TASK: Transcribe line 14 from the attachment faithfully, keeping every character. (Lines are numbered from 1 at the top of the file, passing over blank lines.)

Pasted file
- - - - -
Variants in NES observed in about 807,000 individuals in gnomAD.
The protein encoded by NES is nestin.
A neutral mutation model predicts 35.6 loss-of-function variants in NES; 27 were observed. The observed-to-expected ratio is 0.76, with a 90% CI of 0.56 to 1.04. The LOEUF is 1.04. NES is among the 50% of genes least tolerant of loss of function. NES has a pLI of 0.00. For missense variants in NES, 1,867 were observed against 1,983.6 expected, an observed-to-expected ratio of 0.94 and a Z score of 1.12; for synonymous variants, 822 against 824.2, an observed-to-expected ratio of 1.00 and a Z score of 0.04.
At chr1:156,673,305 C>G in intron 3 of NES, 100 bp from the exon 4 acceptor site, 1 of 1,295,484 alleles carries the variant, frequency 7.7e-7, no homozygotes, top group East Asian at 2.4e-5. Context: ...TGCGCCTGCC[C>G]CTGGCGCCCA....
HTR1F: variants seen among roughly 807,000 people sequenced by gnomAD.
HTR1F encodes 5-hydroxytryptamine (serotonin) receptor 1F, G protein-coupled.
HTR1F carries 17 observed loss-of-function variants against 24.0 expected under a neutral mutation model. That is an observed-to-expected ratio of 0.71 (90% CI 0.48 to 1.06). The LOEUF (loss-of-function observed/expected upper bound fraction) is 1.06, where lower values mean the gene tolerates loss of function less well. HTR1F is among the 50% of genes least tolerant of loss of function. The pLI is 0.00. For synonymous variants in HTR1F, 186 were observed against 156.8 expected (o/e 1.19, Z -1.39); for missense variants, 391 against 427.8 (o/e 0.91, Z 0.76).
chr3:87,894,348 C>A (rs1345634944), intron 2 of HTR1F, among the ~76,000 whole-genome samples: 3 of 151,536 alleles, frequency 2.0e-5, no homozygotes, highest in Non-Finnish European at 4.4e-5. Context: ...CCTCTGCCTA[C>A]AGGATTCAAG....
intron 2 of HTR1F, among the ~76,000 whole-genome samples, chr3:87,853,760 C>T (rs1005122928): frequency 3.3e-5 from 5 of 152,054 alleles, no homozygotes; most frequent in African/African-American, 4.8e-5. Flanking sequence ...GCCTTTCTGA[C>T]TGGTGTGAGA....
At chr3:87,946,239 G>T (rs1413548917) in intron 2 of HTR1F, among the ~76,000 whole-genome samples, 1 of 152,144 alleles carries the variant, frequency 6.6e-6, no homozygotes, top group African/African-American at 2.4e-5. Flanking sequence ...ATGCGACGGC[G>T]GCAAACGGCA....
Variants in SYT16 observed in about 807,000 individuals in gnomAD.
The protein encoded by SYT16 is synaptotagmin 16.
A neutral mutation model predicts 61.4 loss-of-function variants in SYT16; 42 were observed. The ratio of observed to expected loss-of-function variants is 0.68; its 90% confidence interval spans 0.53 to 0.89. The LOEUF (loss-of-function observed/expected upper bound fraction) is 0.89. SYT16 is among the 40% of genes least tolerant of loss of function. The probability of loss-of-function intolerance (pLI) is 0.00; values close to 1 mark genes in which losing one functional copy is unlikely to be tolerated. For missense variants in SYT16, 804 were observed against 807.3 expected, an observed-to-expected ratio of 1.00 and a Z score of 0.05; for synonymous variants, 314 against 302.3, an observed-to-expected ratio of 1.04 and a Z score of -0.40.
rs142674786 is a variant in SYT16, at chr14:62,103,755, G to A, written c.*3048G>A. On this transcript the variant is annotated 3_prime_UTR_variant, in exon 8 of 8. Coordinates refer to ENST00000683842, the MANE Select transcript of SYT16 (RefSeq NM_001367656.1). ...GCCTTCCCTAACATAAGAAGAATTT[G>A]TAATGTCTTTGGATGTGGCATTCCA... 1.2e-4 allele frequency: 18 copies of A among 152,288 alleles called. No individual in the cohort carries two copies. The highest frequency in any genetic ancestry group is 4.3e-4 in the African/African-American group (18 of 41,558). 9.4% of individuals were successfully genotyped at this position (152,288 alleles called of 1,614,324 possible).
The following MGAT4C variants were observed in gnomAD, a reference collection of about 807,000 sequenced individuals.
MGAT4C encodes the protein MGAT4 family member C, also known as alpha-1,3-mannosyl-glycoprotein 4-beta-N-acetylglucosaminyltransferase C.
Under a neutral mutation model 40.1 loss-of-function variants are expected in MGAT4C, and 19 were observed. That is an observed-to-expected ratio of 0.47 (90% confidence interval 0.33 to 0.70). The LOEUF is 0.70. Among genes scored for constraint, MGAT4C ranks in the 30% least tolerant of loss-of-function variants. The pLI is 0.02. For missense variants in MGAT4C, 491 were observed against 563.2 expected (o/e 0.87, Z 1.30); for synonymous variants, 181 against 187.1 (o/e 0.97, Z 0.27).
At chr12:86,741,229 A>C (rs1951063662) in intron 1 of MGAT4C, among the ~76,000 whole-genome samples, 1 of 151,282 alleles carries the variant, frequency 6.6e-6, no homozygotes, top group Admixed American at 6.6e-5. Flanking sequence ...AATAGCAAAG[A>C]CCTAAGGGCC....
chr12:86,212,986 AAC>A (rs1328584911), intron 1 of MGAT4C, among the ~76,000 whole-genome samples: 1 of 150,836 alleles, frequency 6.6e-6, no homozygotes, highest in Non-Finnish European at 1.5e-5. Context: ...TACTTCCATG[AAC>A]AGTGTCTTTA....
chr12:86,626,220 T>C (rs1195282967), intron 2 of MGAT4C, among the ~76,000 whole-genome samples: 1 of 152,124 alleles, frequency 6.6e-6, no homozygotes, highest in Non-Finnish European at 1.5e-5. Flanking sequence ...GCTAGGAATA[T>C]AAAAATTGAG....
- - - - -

rs142674786 is a variant in SYT16, at chr14:62,103,755, G to A, written c.*3048G>A. On this transcript the variant is annotated 3_prime_UTR_variant, in exon 8 of 8. Coordinates refer to ENST00000683842, the MANE Select transcript of SYT16 (RefSeq NM_001367656.1). ...GCCTTCCCTAACATAAGAAGAATTT[G>A]TAATGTCTTTGGATGTGGCATTCCA... 1.2e-4 allele frequency: 18 copies of A among 152,288 alleles called. No individual in the cohort carries two copies. The highest frequency in any genetic ancestry group is 4.3e-4 in the African/African-American group (18 of 41,558). 9.4% of individuals were successfully genotyped at this position (152,288 alleles called of 1,614,324 possible).